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Gyotaku

The ancient art of "fish rubbing'' comes back to colorful life in Tampa Bay.

By TERRY TOMALIN

© St. Petersburg Times, published August 4, 2000


Greg Aragon was rummaging through an art store in the Florida Keys several years ago when he came across an unusual piece of work.

"It was a fish print," recalled Aragon, an avid angler. "I was amazed at the detail. I thought to myself, "How did they get those scales so perfect?' "

Aragon went home and did a little research. The art piece was Japanese in origin.

"It was called Gyotaku, which literally means fish rubbing," he said. "Apparently, the practice began with fishermen who wanted to keep a record of their catch."

Long before there were cameras, Japanese sport fishermen discovered an ingenious way to record fish that had been caught and released.

"They would take some ink and rice paper out on the boat," Aragon said. "When they caught a fish that was noteworthy, they would rub it with ink, then cover it with paper which would leave an image.

"Then when they would return to the dock, they would hold up the print and say it was this big."

So Aragon, a house painter by trade, began experimenting with his own catches. "I would bring a fish home, and before I filleted it, I would do a rubbing," he said. "Before I knew it, all my friends wanted pieces for their houses and offices."

Word travelled quickly through the tight-knit fishing community. Soon, other anglers were calling Aragon to capture their catch on paper.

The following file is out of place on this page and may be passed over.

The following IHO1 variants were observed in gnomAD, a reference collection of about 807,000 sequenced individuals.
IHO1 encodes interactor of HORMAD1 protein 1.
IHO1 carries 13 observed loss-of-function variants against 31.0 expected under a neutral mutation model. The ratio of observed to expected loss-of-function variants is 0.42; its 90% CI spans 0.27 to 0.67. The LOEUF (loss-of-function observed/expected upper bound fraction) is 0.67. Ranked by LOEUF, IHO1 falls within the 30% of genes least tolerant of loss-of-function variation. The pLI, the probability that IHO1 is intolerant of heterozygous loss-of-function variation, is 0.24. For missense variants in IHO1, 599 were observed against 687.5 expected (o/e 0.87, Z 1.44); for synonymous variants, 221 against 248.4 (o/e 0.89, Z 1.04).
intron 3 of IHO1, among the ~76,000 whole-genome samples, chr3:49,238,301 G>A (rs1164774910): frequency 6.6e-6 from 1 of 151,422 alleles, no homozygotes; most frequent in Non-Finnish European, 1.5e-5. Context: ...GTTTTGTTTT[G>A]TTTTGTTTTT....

"People were tired of the same old skin or fiberglass mounts," Aragon said. "They wanted to capture the spirit of the fish, but they also wanted something different."

No fish was too big or too small for Aragon's ink and rice paper. "I did tarpon, grouper, snook, you name it," he said. "Guys started coming to me with fish of every size."

The Gyotaku art soon became popular with tournament fishermen who wanted to preserve a memory of their winning catch.

"I have done the winners from kingfish tournaments and the St. Pete Open Spearfishing Tournament," he said. "I just need to get the fish while it is still fresh.

"It has to be packed on ice to preserve it. I don't like to work with a fish if it has been out of the water for more than 24 hours."

Most of Aragon's pieces are done with natural colors. "Occasionally, I'll get a woman who wants a purple snook to match the bathroom," he said.

Aragon said many of his customers are women whose husbands have brought home one too many stuffed fish to hang on the living room wall.

"Gyotaku satisfies both people," he said. "You have a record of the catch and a piece of art."

Business has been booming for Aragon in recent years. His work is on display at Indian Shores' Salt Rock Grill, one of the finer restaurants in the Tampa Bay area. Aragon's etchings appear inlaid on many tabletops, and there are framed prints on the walls.

Just last week, the Largo artist learned that some of his work will soon appear on serving platters that will be available on television and through one of the finer cooking catalogs.

"Things are happening so fast," Aragon said. "The hardest part is trying to get a handle ont he business end of things."

Success, however, has a down side. Aragon, who learned to fish on the old Indian Rocks Pier with his father "Captain Jack," a former catcher with the New York Giants baseball team, said he doesn't get to hit that water as often as he would like to.

"It seems like I never get a chance to fish anymore," he said. "Everybody is coming to me with fish.. . . it is getting hard to keep up. I would like things to slow down so I can go out and catch a few fish of my own for a change."

- For more information on Gyotaku art by Greg Aragon, call (727) 595-6314, or visit the Salt Rock Grill on Gulf Boulevard in Indian Shores.

Gyotaku (ghio ta koo):

gyo means fish, taku means rubbing. Japanese fish printing originated in Japan in the early 1800s. In Japan, Gyotaku is practiced by anglers to make a record of their catch.

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